3 Key Steps to Successful Cyber Threat Mitigation
April 9th, 2019
Digital risk protection (DRP) is a burgeoning trend in cybersecurity as organizations look to bolster their defense systems amidst seemingly endless sources of cyberattacks. We’ve talked at length about the preliminary steps of implementing DRP as part of an effective cybersecurity strategy: You’ve got to map your digital footprint to understand your attack surface and where cybercriminals may look to infiltrate it, and then you must monitor cyber threat activity to proactively find attacks in the works.
Now comes the most important part: Turning these insights into action to mitigate your risk. This blog will take a look at tactics you can use to protect against external threats and develop effective responses internally. For a full breakdown on what successful DRP looks like, download your free copy of the Digital Risk Protection for Dummies ebook.
Here are three keys to unlocking a proactive cyber threat mitigation approach:
1. Integrating Internal Remediation
Perimeter and endpoint security systems are vital to your cybersecurity strategy – but they’re most effective when they know the newest threats to block. The best way to fend off attacks is to thwart them before they even occur. By extending external intelligence to your existing security infrastructure, you can proactively block threats before they reach your network.
Integrating your DRP solution with your internal systems – for example, checking newly discovered credentials against your active directory to validate and reset – allows you to lock down your employees’ credentials and prevent threats before they manifest into attacks.
2. Expediting – and Automating – External Remediation
Blocking threats from infiltrating your network is a vital preventative measure, but an effective DRP solution must also be able to eliminate these threats externally. Your solution should facilitate the takedown process whenever a malicious mobile application, social media page, paste site paste, phishing scam, or domain threatens your organization. It’s also important to ensure this process is streamlined, since threats evolve rapidly to circumvent your defenses. Taking down threats early in the cyber kill chain allows you to move forward before your legal team even gets involved.
3. Extending Intelligence to Other Departments
IT teams would probably love to be the sole proprietors of their organizations’ digital footprints, but the reality is every person within each organization contributes to them. This means DRP isn’t just for the experts; it needs to be deployed across all departments. Employees from all functional areas need to be educated on how to meaningfully contribute to DRP efforts on an individual basis. The right DRP solution lets you execute strategies and projects related regulatory compliance, brand protection, and consumer data protection.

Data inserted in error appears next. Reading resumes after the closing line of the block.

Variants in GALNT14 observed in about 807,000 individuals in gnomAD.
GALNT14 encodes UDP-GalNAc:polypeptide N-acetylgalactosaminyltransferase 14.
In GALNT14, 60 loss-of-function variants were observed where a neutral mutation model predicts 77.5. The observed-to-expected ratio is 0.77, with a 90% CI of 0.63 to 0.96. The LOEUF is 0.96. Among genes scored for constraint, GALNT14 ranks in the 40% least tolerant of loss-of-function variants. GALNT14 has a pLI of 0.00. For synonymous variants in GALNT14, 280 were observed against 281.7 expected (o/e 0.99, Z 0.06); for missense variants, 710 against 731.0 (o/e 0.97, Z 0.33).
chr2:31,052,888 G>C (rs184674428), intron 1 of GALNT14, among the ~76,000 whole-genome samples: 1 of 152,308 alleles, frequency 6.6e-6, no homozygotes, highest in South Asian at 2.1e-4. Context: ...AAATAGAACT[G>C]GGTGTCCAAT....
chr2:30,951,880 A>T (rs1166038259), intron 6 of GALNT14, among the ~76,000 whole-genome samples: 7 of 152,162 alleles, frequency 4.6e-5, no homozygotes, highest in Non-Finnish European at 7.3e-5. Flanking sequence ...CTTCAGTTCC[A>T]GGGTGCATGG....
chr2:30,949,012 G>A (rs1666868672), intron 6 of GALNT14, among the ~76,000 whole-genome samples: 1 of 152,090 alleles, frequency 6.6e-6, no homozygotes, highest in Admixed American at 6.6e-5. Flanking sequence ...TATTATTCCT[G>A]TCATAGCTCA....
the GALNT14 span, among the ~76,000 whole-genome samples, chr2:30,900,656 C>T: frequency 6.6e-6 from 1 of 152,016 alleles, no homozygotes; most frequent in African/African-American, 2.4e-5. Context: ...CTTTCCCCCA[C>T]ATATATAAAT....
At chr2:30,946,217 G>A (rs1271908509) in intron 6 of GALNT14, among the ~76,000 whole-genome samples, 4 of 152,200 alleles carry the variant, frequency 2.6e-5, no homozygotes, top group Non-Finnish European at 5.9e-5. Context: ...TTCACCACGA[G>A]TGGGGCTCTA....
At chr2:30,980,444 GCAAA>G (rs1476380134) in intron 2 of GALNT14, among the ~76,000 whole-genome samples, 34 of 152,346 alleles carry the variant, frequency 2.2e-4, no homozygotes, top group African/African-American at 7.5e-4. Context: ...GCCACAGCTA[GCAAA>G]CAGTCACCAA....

For example, your cybersecurity team may be responsible for DRP strategy and implementation. But what if cybercriminals launch an attack on your brand in the form of social media impersonation or a malicious mobile app? The marketing department will need to know to communicate any consequences or updates to clients. The fraud department will want to use DRP intelligence to proactively seek out fraudulent campaigns. DRP strategies should be shared company-wide, so everyone is on board and can play their part in securing the organization’s assets.
As the world grows increasingly digital, a DRP solution is a vital component to any effective cybersecurity strategy. Creating strong defensive barriers is no longer sufficient; organizations must be proactive in seeking out cyber threats and eliminating them before it’s too late to stop them from manifesting into full-fledged attacks.
For the full details on implementing a comprehensive DRP solution, download your copy of Digital Risk Protection for Dummies today.
Kevin Diffily is a Content Marketing Manager at IntSights. He strives to educate and engage with cybersecurity professionals, enabling them to make informed decisions to bolster their defense systems and protect their organizations. Kevin has a background in journalism, brand development, copywriting, and social media management. He received his B.A. in Communication from Curry College and his M.A. in Integrated Marketing Communication from Emerson College. He is a staunch proponent of gratuitous Oxford comma use.
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